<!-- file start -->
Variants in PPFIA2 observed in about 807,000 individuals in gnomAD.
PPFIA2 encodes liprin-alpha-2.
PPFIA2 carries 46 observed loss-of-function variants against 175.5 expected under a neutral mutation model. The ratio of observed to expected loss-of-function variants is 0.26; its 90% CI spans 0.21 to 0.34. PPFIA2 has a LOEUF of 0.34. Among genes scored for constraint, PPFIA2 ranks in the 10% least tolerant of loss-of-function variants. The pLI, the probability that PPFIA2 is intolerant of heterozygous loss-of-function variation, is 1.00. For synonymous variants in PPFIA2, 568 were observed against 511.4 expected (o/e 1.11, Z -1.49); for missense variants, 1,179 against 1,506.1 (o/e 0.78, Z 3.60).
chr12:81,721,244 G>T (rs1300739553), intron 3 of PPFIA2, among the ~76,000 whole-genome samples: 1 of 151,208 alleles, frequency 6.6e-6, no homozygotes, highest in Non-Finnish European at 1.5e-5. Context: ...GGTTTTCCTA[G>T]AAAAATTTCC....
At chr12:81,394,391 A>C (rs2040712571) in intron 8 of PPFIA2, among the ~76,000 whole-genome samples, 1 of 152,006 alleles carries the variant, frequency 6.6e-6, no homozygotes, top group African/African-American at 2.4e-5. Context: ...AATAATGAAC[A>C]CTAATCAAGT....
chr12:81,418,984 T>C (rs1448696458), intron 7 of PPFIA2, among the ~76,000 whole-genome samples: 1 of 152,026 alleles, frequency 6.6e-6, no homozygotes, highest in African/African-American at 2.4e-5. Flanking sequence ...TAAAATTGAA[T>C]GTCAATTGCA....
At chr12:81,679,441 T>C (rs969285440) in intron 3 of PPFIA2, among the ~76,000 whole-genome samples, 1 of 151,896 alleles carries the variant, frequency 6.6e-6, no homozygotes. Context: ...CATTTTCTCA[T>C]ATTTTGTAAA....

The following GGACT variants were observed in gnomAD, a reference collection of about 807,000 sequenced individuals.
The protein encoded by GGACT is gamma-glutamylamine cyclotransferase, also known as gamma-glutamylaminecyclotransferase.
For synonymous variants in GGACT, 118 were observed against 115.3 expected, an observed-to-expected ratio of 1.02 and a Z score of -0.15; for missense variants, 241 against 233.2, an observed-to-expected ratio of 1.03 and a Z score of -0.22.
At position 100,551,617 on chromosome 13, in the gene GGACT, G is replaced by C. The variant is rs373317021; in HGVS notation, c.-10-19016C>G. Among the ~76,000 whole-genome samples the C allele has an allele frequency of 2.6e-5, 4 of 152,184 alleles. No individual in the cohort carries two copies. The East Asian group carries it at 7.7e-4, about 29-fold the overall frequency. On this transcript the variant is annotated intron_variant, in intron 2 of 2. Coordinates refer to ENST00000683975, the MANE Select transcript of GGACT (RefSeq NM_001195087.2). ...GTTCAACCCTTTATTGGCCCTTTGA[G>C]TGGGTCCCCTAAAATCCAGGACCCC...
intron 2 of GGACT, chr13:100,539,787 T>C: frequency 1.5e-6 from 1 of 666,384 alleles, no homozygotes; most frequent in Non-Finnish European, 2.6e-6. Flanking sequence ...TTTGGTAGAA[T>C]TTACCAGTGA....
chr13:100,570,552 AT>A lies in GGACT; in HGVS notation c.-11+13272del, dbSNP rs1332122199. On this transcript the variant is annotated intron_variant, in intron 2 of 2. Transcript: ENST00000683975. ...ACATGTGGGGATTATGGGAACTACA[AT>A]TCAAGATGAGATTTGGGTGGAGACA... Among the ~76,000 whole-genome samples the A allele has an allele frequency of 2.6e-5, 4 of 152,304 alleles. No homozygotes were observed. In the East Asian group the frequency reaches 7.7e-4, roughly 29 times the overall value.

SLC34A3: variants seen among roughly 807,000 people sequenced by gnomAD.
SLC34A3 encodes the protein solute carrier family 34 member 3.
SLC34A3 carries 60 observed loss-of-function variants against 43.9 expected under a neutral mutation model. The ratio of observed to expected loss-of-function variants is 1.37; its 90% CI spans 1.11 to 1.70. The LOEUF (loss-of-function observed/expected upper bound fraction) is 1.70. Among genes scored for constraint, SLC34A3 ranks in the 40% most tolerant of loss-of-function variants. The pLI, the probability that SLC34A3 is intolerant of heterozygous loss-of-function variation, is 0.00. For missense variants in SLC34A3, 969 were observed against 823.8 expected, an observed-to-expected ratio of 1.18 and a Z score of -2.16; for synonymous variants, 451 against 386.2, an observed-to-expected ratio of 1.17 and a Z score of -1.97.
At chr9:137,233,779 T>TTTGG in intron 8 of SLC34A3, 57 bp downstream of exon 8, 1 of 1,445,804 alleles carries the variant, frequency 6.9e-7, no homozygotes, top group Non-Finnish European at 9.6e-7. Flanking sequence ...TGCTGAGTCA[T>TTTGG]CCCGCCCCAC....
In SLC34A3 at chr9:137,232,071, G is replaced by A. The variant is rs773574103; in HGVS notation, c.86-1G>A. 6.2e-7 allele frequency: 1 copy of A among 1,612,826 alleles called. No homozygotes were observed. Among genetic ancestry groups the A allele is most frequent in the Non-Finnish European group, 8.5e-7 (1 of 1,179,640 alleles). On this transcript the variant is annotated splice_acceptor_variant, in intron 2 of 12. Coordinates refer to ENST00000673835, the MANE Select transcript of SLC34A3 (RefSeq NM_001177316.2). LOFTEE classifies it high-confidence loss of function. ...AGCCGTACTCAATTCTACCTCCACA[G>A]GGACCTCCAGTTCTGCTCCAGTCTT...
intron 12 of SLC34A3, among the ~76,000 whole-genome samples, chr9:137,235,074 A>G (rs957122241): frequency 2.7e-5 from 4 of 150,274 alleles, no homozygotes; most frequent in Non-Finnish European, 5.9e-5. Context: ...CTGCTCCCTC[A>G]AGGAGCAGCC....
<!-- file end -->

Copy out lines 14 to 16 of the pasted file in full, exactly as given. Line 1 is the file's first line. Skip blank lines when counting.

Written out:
SLC34A3: variants seen among roughly 807,000 people sequenced by gnomAD.
SLC34A3 encodes the protein solute carrier family 34 member 3.
SLC34A3 carries 60 observed loss-of-function variants against 43.9 expected under a neutral mutation model. The ratio of observed to expected loss-of-function variants is 1.37; its 90% CI spans 1.11 to 1.70. The LOEUF (loss-of-function observed/expected upper bound fraction) is 1.70. Among genes scored for constraint, SLC34A3 ranks in the 40% most tolerant of loss-of-function variants. The pLI, the probability that SLC34A3 is intolerant of heterozygous loss-of-function variation, is 0.00. For missense variants in SLC34A3, 969 were observed against 823.8 expected, an observed-to-expected ratio of 1.18 and a Z score of -2.16; for synonymous variants, 451 against 386.2, an observed-to-expected ratio of 1.17 and a Z score of -1.97.